No-Brand Nudo

More Than a Big Book Club and an Intro to Literary Journalism

This is an excerpt from Chapter 5 of Learning Journalism Where Writers Rise: Four Enlightening Years in Graduate School at the University of Illinois Urbana-Champaign, a book I released in March of 2022.

I’d reached a point in my master’s program where I finally had a bit of a break, in the sense that I could now take a three-credit elective course. Elective classes, at least to me, have an off-the-beaten-path sort of feel. Their descriptions sounded less intense, even fun, though perhaps that’s overstating things. In the end, I chose to enroll in Great Books of Journalism, the night class Professor Walt Harrington had encouraged students to sign up for via email. The course sounded appealing to an avid reader like me, and Harrington’s passion toward the class was also a deciding factor. The class sounded like what people do in a book club, with required writing tasks interspersed throughout.

But Great Books of Journalism was more than just a large book club, as I came to find out. As we read the assigned books, we were often asked by Harrington to contemplate how the writers were coming up with their material, and in a way in which we as readers trusted what they were producing. Here are some gems from my handwritten class notes:

  • Journalists make choices at the start on how to report. Can create limitations.
  • Authors bring personality to story. This kind of work honors that people bring a special story. This is the heart of literary journalism.
  • Being there is an opportunity that’s foolish to squander.
  • Go where the material takes you in nonfiction writing.
  • Learn how to write so that it feels like you’re there, even if you’re not there (Boo, Finkel).
  • Tone of story should follow tone of subjects.
  • All facts in journalism should be defensible.
  • Recognize your biases; be thoughtful about them. Possible to get better at working around biases.
  • As a journalist, pick point of view that has the most validity. Must be humble when reporting and reaching a conclusion. Journalists have a responsibility to decide and then connect their point of view.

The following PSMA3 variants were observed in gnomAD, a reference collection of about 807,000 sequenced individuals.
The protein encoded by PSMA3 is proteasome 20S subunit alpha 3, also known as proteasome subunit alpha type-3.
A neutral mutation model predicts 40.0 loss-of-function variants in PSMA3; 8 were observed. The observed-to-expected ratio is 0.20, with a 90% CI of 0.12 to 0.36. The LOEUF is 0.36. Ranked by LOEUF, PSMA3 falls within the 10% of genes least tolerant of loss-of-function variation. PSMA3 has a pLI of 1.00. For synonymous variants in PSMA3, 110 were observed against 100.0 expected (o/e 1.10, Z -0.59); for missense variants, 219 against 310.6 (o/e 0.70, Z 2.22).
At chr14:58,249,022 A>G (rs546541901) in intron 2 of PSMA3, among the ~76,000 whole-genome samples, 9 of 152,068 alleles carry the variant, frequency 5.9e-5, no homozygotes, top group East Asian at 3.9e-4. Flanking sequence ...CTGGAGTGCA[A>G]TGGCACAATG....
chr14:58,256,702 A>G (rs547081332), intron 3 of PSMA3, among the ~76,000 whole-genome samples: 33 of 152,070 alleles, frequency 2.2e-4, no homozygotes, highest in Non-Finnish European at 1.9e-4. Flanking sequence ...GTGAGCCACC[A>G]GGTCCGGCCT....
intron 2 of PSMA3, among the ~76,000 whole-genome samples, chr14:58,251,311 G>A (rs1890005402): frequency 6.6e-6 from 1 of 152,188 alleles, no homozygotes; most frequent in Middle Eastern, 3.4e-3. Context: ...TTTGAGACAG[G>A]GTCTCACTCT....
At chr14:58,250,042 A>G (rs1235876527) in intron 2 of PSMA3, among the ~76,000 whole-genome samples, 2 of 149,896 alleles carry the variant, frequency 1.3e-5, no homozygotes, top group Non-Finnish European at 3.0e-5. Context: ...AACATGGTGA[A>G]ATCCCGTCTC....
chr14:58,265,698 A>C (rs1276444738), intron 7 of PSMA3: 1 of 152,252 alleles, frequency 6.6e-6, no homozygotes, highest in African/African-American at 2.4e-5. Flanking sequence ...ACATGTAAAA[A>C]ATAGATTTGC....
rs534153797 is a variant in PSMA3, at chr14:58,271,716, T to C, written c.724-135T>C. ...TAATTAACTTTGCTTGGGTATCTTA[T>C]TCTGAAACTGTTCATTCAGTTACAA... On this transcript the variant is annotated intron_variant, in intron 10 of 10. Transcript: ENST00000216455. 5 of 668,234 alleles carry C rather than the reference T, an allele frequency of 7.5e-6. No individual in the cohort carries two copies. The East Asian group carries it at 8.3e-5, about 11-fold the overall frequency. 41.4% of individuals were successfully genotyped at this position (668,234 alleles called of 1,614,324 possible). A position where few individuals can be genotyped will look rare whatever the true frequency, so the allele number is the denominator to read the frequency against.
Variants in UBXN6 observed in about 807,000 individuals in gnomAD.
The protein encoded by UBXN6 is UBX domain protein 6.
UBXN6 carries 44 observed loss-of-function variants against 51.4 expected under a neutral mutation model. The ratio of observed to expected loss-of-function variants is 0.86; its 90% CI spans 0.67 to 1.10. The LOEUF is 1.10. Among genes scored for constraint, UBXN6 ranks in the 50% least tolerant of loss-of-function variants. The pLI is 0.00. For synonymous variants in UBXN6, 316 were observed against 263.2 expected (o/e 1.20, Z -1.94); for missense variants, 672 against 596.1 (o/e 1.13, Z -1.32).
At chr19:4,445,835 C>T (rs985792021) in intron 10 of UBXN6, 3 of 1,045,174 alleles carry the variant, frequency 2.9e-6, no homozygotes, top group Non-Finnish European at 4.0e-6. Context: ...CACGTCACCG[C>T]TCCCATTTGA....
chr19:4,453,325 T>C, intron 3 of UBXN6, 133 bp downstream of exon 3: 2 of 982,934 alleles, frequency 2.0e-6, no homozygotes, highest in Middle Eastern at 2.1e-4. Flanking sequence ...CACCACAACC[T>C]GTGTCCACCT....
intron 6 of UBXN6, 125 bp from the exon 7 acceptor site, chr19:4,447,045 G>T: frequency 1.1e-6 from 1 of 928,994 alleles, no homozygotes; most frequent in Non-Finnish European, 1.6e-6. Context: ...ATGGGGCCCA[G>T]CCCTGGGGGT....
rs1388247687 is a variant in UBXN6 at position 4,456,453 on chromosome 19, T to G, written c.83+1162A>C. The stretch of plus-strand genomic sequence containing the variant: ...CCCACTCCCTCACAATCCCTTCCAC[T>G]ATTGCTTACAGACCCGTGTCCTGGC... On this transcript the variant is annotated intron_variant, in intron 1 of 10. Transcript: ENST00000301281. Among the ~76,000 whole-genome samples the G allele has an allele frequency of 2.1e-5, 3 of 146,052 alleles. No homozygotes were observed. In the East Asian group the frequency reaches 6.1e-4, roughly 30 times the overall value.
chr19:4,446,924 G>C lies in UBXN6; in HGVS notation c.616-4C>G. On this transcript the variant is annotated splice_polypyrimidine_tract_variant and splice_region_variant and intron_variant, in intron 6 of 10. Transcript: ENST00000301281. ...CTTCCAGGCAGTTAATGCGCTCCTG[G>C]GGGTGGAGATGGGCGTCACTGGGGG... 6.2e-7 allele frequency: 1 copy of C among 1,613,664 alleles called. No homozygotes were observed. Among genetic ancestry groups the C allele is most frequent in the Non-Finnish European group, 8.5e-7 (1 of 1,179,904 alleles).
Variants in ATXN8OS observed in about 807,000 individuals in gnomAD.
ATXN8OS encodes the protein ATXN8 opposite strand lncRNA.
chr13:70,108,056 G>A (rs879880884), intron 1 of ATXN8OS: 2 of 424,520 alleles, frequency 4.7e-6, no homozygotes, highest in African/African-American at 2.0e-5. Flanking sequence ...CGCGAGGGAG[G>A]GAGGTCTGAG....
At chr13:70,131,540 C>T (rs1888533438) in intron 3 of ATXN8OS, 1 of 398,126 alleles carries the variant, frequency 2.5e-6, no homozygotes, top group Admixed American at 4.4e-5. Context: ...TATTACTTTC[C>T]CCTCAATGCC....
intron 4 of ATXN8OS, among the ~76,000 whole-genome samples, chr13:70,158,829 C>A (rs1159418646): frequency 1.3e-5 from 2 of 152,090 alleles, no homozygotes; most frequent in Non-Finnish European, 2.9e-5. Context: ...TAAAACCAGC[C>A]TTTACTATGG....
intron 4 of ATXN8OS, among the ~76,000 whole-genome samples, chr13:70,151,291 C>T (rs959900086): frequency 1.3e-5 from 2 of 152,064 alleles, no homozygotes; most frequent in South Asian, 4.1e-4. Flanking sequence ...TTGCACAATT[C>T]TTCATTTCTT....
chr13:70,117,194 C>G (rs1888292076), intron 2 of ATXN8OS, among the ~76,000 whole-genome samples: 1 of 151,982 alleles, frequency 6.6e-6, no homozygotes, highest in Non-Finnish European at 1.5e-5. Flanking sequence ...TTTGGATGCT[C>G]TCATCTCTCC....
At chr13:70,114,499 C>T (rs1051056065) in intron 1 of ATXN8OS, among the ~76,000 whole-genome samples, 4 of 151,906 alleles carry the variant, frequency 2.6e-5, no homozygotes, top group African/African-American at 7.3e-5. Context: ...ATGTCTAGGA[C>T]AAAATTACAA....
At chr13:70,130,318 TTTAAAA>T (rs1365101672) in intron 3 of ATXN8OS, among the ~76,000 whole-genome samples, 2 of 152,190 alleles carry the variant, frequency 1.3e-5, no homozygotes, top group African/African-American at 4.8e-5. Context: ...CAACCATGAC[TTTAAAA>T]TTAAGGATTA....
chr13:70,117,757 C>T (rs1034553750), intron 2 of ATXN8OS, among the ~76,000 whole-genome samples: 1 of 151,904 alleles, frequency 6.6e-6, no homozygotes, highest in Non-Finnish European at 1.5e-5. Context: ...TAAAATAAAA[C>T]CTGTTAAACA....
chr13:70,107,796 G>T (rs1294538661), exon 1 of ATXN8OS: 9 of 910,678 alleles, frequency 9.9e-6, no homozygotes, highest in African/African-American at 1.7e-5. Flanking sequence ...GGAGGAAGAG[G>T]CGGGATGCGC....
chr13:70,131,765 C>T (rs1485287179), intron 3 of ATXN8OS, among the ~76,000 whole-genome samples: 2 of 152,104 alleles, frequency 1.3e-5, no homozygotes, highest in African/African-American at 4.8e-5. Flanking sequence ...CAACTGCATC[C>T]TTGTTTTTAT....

• Complexity of human choice makes for great stories, an unfamiliar ride for readers.
  • Conceptual ideas can be woven in (artful aspect). Don’t have to hit people over the head.
  • “Pulling a thread” gives work unity, makes it organic.
  • Collection of facts is great, but what is the larger picture?
  • Good journalists interweave commentary into description in expert fashion.
  • Power of details and role they play in creating authenticity.
  • Look at technical side of things. Intricacies of things can be very interesting. Ride on passion, knowledge of subject.
  • Journalists can do more than just “let the camera role.” (Background, descriptions, inside experiences, etc.)
  • History is constantly being rethought. Historians present new info. Takes on things change over the decades. Journalists use tools that historians don’t. Interview everyone.
  • Good interviewers can make conversations seem natural, fluent.
  • To evoke experience or a place, do something no one else is.
  • Not doing deep enough reporting if you don’t wrestle with decisions.

Beyond the books, Professor Harrington had numerous learning objectives in his class that ranged from the importance of thinking critically and independently to relating to students “the principles and laws of freedom of speech and press,” as written in the course syllabus. He wanted us to know that journalism could go well beyond ho-hum articles with no heart. “The writers of these books are not simply conduits for passing along accurate information,” Harrington wrote in the syllabus. “They are thinkers, observers and storytellers. They take responsibility for making sense of information, sometimes in ways that are deeply personal and idiosyncratic. And they do so by aiming to tell their stories in ways that make them fascinating to readers.”


Leave a Reply

Fill in your details below or click an icon to log in: Logo

You are commenting using your account. Log Out /  Change )

Twitter picture

You are commenting using your Twitter account. Log Out /  Change )

Facebook photo

You are commenting using your Facebook account. Log Out /  Change )

Connecting to %s

%d bloggers like this: